FSTAB(5)                          File formats                          FSTAB(5)

       fstab - static information about the filesystems


       The file fstab contains descriptive information about the filesystems the
       system can mount. fstab is only read by programs, and not written; it is
       the duty of the system administrator to properly create and maintain this
       file. The order of records in fstab is important because fsck(8),
       mount(8), and umount(8) sequentially iterate through fstab doing their

       Each filesystem is described on a separate line. Fields on each line are
       separated by tabs or spaces. Lines starting with '#' are comments. Blank
       lines are ignored.

       The following is a typical example of an fstab entry:

           LABEL=t-home2   /home      ext4    defaults,auto_da_alloc      0  2

   The first field (fs_spec).
       This field describes the block special device, remote filesystem or
       filesystem image for loop device to be mounted or swap file or swap
       partition to be enabled.

       For ordinary mounts, it will hold (a link to) a block special device node
       (as created by mknod(2)) for the device to be mounted, like /dev/cdrom or
       /dev/sdb7. For NFS mounts, this field is <host>:<dir>, e.g.,
       knuth.aeb.nl:/. For filesystems with no storage, any string can be used,
       and will show up in df(1) output, for example. Typical usage is proc for
       procfs; mem, none, or tmpfs for tmpfs. Other special filesystems, like
       udev and sysfs, are typically not listed in fstab.

       LABEL=<label> or UUID=<uuid> may be given instead of a device name. This
       is the recommended method, as device names are often a coincidence of
       hardware detection order, and can change when other disks are added or
       removed. For example, 'LABEL=Boot' or
       'UUID=3e6be9de-8139-11d1-9106-a43f08d823a6'. (Use a filesystem-specific
       tool like e2label(8), xfs_admin(8), or fatlabel(8) to set LABELs on

       It’s also possible to use PARTUUID= and PARTLABEL=. These partitions
       identifiers are supported for example for GUID Partition Table (GPT).

       See mount(8), blkid(8) or lsblk(8) for more details about device

       Note that mount(8) uses UUIDs as strings. The string representation of
       the UUID should be based on lower case characters. But when specifying
       the volume ID of FAT or NTFS file systems upper case characters are used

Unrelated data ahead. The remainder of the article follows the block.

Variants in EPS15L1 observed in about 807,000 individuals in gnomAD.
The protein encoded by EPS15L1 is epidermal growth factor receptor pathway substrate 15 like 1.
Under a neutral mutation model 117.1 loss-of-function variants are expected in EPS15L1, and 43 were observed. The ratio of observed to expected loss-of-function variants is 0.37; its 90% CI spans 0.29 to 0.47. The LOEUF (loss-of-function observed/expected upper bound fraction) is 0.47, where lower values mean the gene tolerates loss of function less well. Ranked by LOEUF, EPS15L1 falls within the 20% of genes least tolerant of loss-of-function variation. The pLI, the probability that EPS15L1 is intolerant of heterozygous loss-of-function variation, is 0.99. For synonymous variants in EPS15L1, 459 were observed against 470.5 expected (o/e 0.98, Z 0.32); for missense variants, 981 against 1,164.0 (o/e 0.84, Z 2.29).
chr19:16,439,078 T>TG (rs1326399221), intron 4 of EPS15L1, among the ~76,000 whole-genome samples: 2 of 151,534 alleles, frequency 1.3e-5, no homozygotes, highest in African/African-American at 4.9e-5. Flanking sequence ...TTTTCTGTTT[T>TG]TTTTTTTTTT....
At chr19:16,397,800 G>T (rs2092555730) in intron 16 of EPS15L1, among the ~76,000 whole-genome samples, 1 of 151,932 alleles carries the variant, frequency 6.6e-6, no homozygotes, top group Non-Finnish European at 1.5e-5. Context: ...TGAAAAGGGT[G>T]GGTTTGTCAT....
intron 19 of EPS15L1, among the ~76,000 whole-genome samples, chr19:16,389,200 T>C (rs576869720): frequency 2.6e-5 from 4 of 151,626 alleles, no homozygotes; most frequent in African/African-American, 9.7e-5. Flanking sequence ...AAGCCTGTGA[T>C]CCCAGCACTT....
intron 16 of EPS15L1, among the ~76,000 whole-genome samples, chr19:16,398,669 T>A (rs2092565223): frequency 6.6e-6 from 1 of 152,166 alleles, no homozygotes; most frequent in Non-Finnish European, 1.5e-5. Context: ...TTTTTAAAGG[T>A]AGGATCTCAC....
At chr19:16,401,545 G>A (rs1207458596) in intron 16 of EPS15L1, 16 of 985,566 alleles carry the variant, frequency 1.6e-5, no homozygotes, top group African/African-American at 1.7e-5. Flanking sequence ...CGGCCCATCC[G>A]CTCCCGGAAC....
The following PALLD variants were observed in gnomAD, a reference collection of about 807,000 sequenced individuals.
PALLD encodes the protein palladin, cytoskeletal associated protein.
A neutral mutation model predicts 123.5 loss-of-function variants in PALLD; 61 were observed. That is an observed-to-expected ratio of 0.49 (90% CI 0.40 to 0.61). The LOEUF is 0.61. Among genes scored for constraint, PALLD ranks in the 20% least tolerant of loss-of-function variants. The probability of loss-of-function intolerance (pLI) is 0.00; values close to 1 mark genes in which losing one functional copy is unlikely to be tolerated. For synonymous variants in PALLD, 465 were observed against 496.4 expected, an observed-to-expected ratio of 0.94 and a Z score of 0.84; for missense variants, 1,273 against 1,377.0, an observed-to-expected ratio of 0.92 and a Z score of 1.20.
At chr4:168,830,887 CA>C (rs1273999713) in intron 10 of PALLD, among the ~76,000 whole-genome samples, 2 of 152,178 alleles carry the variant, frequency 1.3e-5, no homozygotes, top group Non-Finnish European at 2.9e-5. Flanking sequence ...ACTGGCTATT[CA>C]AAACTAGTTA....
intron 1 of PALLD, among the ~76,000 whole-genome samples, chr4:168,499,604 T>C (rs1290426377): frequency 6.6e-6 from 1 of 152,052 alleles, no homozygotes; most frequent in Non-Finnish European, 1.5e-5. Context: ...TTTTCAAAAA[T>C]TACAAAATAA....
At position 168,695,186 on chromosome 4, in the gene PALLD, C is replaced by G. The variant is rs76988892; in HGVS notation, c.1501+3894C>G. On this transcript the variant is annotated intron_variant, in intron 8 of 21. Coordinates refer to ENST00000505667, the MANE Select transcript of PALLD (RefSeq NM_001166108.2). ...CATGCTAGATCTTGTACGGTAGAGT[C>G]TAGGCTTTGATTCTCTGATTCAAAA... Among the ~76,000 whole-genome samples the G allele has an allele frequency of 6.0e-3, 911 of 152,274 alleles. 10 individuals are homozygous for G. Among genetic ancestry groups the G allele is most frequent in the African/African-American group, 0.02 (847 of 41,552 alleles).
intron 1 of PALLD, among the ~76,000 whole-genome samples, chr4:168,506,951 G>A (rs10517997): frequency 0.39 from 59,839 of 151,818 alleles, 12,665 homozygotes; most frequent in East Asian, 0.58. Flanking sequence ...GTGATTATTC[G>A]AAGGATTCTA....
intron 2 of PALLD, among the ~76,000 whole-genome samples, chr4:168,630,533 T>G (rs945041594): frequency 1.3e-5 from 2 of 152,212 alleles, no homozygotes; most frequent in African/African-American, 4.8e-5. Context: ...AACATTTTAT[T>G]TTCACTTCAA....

(e.g UUID="A40D-85E7" or UUID="61DB7756DB7779B3").

   The second field (fs_file).
       This field describes the mount point (target) for the filesystem. For
       swap partitions, this field should be specified as `none'. If the name of
       the mount point contains spaces or tabs these can be escaped as `\040'
       and '\011' respectively.

   The third field (fs_vfstype).
       This field describes the type of the filesystem. Linux supports many
       filesystem types: ext4, xfs, btrfs, f2fs, vfat, ntfs, hfsplus, tmpfs,
       sysfs, proc, iso9660, udf, squashfs, nfs, cifs, and many more. For more
       details, see mount(8).

       An entry swap denotes a file or partition to be used for swapping, cf.
       swapon(8). An entry none is useful for bind or move mounts.

       More than one type may be specified in a comma-separated list.

       mount(8) and umount(8) support filesystem subtypes. The subtype is
       defined by '.subtype' suffix. For example 'fuse.sshfs'. It’s recommended
       to use subtype notation rather than add any prefix to the first fstab
       field (for example 'sshfs#example.com' is deprecated).

   The fourth field (fs_mntops).
       This field describes the mount options associated with the filesystem.

       It is formatted as a comma-separated list of options. It contains at
       least the type of mount (ro or rw), plus any additional options
       appropriate to the filesystem type (including performance-tuning
       options). For details, see mount(8) or swapon(8).

       Basic filesystem-independent options are:

           use default options: rw, suid, dev, exec, auto, nouser, and async.

           do not mount when mount -a is given (e.g., at boot time)

           allow a user to mount

           allow device owner to mount

           or x-<name> for use by fstab-maintaining programs

           do not report errors for this device if it does not exist.

   The fifth field (fs_freq).
       This field is used by dump(8) to determine which filesystems need to be
       dumped. Defaults to zero (don’t dump) if not present.

   The sixth field (fs_passno).
       This field is used by fsck(8) to determine the order in which filesystem
       checks are done at boot time. The root filesystem should be specified
       with a fs_passno of 1. Other filesystems should have a fs_passno of 2.
       Filesystems within a drive will be checked sequentially, but filesystems
       on different drives will be checked at the same time to utilize
       parallelism available in the hardware. Defaults to zero (don’t check the
       filesystem) if not present.

       /etc/fstab, <fstab.h>

       The proper way to read records from fstab is to use the routines
       getmntent(3) or libmount.

       The keyword ignore as a filesystem type (3rd field) is no longer
       supported by the pure libmount based mount utility (since util-linux

       The ancestor of this fstab file format appeared in 4.0BSD.

       getmntent(3), fs(5), findmnt(8), mount(8), swapon(8)

       For bug reports, use the issue tracker at

       fstab is part of the util-linux package which can be downloaded from
       Linux Kernel Archive

util-linux {release-version}       2021-06-08                           FSTAB(5)